We are pleased to announce that the Mechanical & Movement: Robotics residency has been jointly awarded to two artists, Adrianne Wortzel and Catie Cuan.
The ThoughtWorks Arts team made their final decisions on April 16th in collaboration with input from jurors at Baltan Labs in Eindhoven, Netherlands and the Consortium For Research and Robotics hosted by Pratt Institute at the Brooklyn Navy Yard.
Artist Adrianne Wortzel creates unique and innovative interactive web-based works, robotic and telerobotic installations, performance productions, videos, and writings. In her past work, Adrianne has created robots with autonomous personalities that are simultaneously programmed for interaction with humans, online or in physical space. She examines aspects of how humans relate to machines through fictive and dramatic scenarios, stories, and scripts.
Through her residency at ThoughtWorks Arts, Adrianne will be initiating a project to develop a social and psychotherapeutic tool for nonverbal expression through gesture. This tool can be viewed as an emotional prosthetic for those having difficulty expressing highly personal feelings, where that inability of emotional expression is not productive.
Adrianne’s works have received support from The Franklin Furnace Award for Performance, the Greenwall Foundation, and the New York State Council on the Arts. She is a recipient of six PSC-CUNY Research Foundation Grants and a Robert Rauschenberg Foundation Award. In 2005, Franklin Furnace added her name to their list of “Visionaries” in a group including Laurie Anderson, Eric Bogosian, Jenny Holzer, Yoko Ono, and Ed Ruscha.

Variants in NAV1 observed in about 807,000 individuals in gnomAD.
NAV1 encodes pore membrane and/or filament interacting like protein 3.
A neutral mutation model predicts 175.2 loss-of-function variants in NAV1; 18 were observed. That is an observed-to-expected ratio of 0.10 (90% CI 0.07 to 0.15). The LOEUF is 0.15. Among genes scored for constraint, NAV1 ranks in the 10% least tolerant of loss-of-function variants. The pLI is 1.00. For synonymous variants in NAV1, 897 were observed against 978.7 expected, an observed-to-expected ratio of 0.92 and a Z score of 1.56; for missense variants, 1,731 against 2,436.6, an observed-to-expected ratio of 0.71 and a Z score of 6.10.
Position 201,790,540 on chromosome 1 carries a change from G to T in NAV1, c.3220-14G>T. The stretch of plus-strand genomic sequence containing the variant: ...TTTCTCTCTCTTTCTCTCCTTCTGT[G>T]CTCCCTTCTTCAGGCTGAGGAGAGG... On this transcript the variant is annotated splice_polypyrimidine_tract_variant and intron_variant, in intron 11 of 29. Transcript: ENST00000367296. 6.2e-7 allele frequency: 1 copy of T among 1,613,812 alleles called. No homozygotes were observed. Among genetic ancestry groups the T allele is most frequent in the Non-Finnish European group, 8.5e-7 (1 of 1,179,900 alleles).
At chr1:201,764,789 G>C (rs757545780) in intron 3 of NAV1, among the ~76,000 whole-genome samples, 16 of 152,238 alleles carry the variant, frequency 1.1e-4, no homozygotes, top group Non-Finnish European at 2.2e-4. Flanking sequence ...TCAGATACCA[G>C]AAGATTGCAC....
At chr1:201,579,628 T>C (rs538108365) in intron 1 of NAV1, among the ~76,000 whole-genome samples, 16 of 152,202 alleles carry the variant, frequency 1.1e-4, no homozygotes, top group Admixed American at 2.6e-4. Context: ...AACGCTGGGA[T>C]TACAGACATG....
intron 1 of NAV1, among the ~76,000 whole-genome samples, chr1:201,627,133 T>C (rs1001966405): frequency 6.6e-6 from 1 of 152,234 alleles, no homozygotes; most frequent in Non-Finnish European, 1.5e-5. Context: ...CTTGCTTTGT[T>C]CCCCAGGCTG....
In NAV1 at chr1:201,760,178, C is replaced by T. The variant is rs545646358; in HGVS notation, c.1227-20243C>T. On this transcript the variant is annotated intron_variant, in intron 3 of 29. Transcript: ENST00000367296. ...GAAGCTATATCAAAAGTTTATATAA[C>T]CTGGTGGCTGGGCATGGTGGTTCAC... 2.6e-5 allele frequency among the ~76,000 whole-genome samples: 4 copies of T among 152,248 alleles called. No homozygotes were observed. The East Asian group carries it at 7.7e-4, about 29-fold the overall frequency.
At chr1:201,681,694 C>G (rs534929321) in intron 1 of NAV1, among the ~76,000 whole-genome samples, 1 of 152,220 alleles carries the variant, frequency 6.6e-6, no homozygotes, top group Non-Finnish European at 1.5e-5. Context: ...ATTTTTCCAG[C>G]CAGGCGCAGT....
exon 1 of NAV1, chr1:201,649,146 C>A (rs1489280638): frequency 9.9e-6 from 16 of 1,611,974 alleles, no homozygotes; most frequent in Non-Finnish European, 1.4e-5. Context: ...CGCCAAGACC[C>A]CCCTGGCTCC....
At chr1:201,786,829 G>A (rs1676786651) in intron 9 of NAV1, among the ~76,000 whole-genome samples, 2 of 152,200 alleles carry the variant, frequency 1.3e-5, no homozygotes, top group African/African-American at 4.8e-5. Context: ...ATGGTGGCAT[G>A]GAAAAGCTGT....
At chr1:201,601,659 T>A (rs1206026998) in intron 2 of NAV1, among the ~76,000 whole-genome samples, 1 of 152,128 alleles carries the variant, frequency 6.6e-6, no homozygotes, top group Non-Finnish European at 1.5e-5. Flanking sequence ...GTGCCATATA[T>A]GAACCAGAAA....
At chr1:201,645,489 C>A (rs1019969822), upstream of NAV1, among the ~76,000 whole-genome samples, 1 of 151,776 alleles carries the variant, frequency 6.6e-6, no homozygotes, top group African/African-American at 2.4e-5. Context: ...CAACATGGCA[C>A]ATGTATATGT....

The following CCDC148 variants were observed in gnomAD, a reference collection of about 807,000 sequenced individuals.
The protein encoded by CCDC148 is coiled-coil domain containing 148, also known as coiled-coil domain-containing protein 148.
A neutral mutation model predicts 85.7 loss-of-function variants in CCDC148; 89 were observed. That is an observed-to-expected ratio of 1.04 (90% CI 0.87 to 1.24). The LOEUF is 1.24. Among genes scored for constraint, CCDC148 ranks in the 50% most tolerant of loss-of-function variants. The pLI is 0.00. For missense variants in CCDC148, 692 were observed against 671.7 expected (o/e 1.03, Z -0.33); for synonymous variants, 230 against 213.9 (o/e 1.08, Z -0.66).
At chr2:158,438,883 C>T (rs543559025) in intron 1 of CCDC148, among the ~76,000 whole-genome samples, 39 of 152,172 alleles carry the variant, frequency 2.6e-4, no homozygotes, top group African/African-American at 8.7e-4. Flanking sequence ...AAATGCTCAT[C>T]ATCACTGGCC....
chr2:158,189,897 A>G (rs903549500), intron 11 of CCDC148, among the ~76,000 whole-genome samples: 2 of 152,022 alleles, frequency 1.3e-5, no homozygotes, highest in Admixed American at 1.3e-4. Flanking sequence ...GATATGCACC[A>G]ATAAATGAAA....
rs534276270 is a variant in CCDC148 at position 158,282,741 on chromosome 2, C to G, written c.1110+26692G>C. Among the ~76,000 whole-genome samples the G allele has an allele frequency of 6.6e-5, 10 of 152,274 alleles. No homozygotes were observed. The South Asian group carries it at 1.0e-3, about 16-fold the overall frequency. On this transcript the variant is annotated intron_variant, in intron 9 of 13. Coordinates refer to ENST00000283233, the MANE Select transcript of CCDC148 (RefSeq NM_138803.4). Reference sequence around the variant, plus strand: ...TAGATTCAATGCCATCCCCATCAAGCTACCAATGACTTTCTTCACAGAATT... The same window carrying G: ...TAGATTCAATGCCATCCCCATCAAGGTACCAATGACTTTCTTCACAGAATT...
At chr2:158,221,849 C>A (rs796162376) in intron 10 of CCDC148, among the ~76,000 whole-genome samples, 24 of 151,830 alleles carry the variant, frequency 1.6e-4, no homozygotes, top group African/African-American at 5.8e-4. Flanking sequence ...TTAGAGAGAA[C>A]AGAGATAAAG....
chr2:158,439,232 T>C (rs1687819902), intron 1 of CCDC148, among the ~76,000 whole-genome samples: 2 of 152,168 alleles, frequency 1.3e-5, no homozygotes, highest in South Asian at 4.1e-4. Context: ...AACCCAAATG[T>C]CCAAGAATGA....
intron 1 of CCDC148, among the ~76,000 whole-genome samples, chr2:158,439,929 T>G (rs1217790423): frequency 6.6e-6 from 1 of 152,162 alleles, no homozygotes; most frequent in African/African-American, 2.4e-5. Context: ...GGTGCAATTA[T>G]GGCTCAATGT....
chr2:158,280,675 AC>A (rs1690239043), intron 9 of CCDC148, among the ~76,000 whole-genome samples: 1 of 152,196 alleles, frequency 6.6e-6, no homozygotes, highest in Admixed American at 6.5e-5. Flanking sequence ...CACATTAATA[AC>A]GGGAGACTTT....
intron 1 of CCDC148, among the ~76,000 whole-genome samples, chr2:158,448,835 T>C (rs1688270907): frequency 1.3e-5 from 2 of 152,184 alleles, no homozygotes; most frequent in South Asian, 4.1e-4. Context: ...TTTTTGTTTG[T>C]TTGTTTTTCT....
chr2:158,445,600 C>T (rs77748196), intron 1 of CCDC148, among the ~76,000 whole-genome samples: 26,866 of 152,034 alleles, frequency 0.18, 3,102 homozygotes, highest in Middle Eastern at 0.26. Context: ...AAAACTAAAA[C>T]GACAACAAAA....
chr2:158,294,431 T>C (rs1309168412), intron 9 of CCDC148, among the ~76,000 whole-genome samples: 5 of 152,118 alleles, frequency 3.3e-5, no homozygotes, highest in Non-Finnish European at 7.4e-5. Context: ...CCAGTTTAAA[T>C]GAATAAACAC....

Catie Cuan is a performer, choreographer, and technologist. Her robotics work, through a project entitled Time to Compile, is dedicated to the idea that choreography can inform the design of robots to make them more effective and expressive, especially for personal spaces like homes and hospitals. Catie approaches this thesis in three ways: through a performance piece, through academic research, and through commercialization of an expressive robot.
Time to Compile has been created in collaboration with Amy LaViers, Assistant Professor of Mechanical Engineering at the University of Illinois, and Director of the Robotics, Automation, and Dance (RAD) Lab. The work was shown at Connecticut College in February 2018, at Brown University in March 2018, and has upcoming showings at Georgia Tech in April 2018, and CODAME San Francisco in June 2018.
Catie will use her ThoughtWorks residency to finalize the performance piece and simultaneous research for Time To Compile, creating video content of additional dances with robots, and synthesizing her research into a long-form essay.
The residency was awarded to these two artists respectively, because of their unique and complementary views on important issues. Their practices provide different critical approaches to issues of the mechanical and movement, as it pertains to robotics and human-computer interaction.
The residencies begin simultaneously in early June, and we look forward to welcoming Catie and Adrianne into ThoughtWorks.